Just one month after taking the reins of The Washington Times — a paper with a long history of far-right reporting and several top editors linked to white supremacist ideas — Editor-in-Chief John Solomon has signaled a major change in direction.
In an internal memo issued on Monday, Feb. 25, the Times’ Patrick Tuohy listed a set of five changes to the publication’s rules of style. The brief E-mail spoke volumes.
No longer will the Times refer snidely in headlines to “Hillary”; the new headline reference to the New York senator and presidential candidate will now be “Clinton.” The word “gay” will replace the word “homosexual” in copy — “except in clinical references or references to sexual activity,” as Tuohy writes. The newspaper, which had fiercely opposed gay marriage in its editorials and less explicitly in many of its news columns, will stop using sarcastic quotes around the word “marriage” when discussing same-sex unions. It has now approved the word “moderate” (“centrist” was the formerly preferred term) for discussing a particular range of political views — a word it apparently avoided in the past because it carried the connotation of “reasonable.” Finally, the newspaper will now refer to “illegal immigrants,” not “illegal aliens,” a term many immigrants and human rights activists feel is denigrating and conjures up visions of frightening other-worldly beings.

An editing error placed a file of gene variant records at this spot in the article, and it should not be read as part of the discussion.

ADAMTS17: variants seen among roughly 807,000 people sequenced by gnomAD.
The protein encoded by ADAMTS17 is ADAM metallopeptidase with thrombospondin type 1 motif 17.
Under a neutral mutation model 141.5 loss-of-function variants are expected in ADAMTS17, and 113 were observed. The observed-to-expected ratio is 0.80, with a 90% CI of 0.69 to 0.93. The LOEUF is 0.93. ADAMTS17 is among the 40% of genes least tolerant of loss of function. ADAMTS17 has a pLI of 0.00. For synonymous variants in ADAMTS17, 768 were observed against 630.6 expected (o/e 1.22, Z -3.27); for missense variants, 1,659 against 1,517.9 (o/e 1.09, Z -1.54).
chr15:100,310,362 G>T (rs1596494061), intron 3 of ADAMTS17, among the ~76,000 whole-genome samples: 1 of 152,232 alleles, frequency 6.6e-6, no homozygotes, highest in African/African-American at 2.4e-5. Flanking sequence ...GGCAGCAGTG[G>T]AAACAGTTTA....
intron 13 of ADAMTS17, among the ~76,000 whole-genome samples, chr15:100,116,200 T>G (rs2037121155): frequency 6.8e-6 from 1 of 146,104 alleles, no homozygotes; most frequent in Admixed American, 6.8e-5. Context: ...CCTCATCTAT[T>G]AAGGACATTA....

The Washington Times has a long history of hard-right political views that informed not only its editorial pages but also, very frequently, its new reporting. It has a reputation for using tendentious language that demeans those it disagrees with. The new style changes clearly reflect the efforts of Solomon, a former Associated Press and Washington Post reporter, to point the paper in a more mainstream direction.
Solomon replaced Wesley Pruden, who had been editor-in-chief for 16 years and who had championed his managing editor, Francis Booth Coombs, as his replacement. As a result, Coombs quit the paper with Pruden. A Coombs favorite, assistant national editor Robert Stacy McCain, followed a few days later. All three men have ties to white supremacist ideas that have been detailed in the Intelligence Report and on Hatewatch, both published by the Southern Poverty Law Center, and elsewhere.